Materials and Methods
MRL/lpr and MRL+/+ mice were purchased from Jackson Laboratories (Bar Harbor, ME) and maintained at the Oklahoma Medical Research Foundation animal facility under specific pathogen-free conditions. All protocols were approved by the Institutional Animal Care and Use Committee at the Oklahoma Medical Research Foundation. Mice were matched for sex in all experiments comparing young and old MRL/lpr mice, and were matched for both age and sex in experiments comparing MRL/lpr and MRL+/+ mice.
CD4+ cell separation
CD4+ lymphocytes were isolated from the spleens of MRL/lpr and MRL+/+ mice via magnetic bead separation using direct labeling (Miltenyi Biotec, Auburn, CA) following the manufacturer's protocol. Cell purity was checked by flow cytometry.
RNA and DNA isolation
The RNeasy kit (Qiagen, Valencia, CA) was used to isolate RNA from CD4+ T cells according to the manufacturer's instructions. DNA digestion was performed using Turbo DNA-free (Ambion, Austin, TX) following the manufacturer's instructions.
DNA was isolated from spleen CD4+ T cells of MRL/lpr and MRL+/+ mice using the DNeasy Tissue Kit (Qiagen, Valencia, CA).
Quantitative real-time RT-PCR
One-step quantitative real-time RT-PCR was performed using the QuantiTect SYBR Green RT PCR kit (Qiagen, Valencia, CA) and the Rotor-Gene 3000 real-time thermocycler (Corbett Research, Australia). A total of 150 ng of RNA was used for each reaction. The following amplification conditions were used: 30 min at 50°C, 15 min at 95°C, 54 cycles of 15 s at 94°C and 20 s at 56°C and 30 s at 72°C. Quantitation was performed by comparison with internal standards prepared by serial dilutions. The expression levels of Dnmt1 and CD70 were normalized for the house-keeping gene GAPDH. The following primers were used: mouse GAPDH forward: 5′-CAACGACCCCTTCATTGACCTC-3′; reverse: 5′-GCCTCACCCCATTTGATGTTAGTG-3′; mouse Dnmt1 forward: 5′-GGAAGGCTACCTGGCTAAAGTCAAG-3′; reverse: 5′-ACTGAAAGGGTGTCACTGTCCGAC-3′; mouse CD70 forward: 5′-TGGCTGTGGGCATCTGCTC-3′; reverse: 5′-ACATCTCCGTGGACCAGGTATG-3′. All primers were purchased from Integrated DNA Technologies, Inc. (Coralville, IA).
Flow cytometry analysis was performed at the Oklahoma Medical Research Foundation flow cytometry core facility using a FACSCalibur machine. The following antibodies were used to assess cell surface expression of various molecules: APC-conjugated anti-mouse CD4, PE-conjugated anti-mouse CD70, and FITC-conjugated anti-mouse CD69. All antibodies were purchased from BD Pharmingen (San Diego, CA).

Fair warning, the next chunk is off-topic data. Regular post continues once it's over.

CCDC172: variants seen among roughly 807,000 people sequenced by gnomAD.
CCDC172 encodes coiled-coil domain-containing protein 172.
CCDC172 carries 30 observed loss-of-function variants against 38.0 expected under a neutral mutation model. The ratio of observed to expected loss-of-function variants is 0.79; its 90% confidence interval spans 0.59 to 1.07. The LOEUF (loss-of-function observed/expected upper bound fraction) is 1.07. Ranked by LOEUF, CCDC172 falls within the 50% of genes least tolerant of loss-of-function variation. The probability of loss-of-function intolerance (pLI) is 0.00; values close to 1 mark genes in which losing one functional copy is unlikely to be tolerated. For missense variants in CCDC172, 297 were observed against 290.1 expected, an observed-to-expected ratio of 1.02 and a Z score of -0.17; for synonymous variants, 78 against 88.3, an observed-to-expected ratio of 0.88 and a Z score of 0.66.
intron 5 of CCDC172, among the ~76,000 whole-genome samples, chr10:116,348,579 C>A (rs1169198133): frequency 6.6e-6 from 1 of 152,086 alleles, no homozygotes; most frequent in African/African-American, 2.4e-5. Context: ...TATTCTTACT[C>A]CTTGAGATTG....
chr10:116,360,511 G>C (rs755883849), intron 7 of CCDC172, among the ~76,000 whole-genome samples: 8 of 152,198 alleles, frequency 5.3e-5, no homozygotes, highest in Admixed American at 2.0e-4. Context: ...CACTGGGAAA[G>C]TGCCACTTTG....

Bisulfite DNA sequencing
A region from –1000 to +1000 bp in the mouse CD70 gene was screened for the presence of CpG islands using the MethPrimer software 14. A CpG island was defined as a stretch of DNA more than 200 bp in size with a CG content of more than 50% and an observed/expected CG ratio of more than 0.6. DNA isolated from CD4+ cells from MRL/lpr and MRL+/+ mice was bisulfite treated using the EZ DNA Methylation kit (Zymo Research, Orange, CA). Following PCR, DNA was purified using the QIAquick Gel Extraction columns (Qiagen, Valencia, CA). Direct sequencing was performed at the Oklahoma Medical Research Foundation sequencing core facility. The following PCR primers were used: mouse CD70 CpG island forward: 5′-GAGGTTTTAAGGGTAGGTTAAGGTAG-3′; mouse CD70 CpG island reverse: 5′-AATAATAAACACCACCAACAACAAC-3′.
Differences between groups were tested using Student's t-test; p values of less than 0.05 were considered statistically significant.
This publication was made possible by NIH Grant Number P20-RR015577 from the National Center for Research Resources and by funding from the University of Oklahoma College of Medicine (AHS). We would like to thank Dr. Bruce Richardson, Dr. Susan Kovats, and Dr. John B Harley for very helpful suggestions and comments. We would also like to thank Dr. John Knight for reading and editing our manuscript.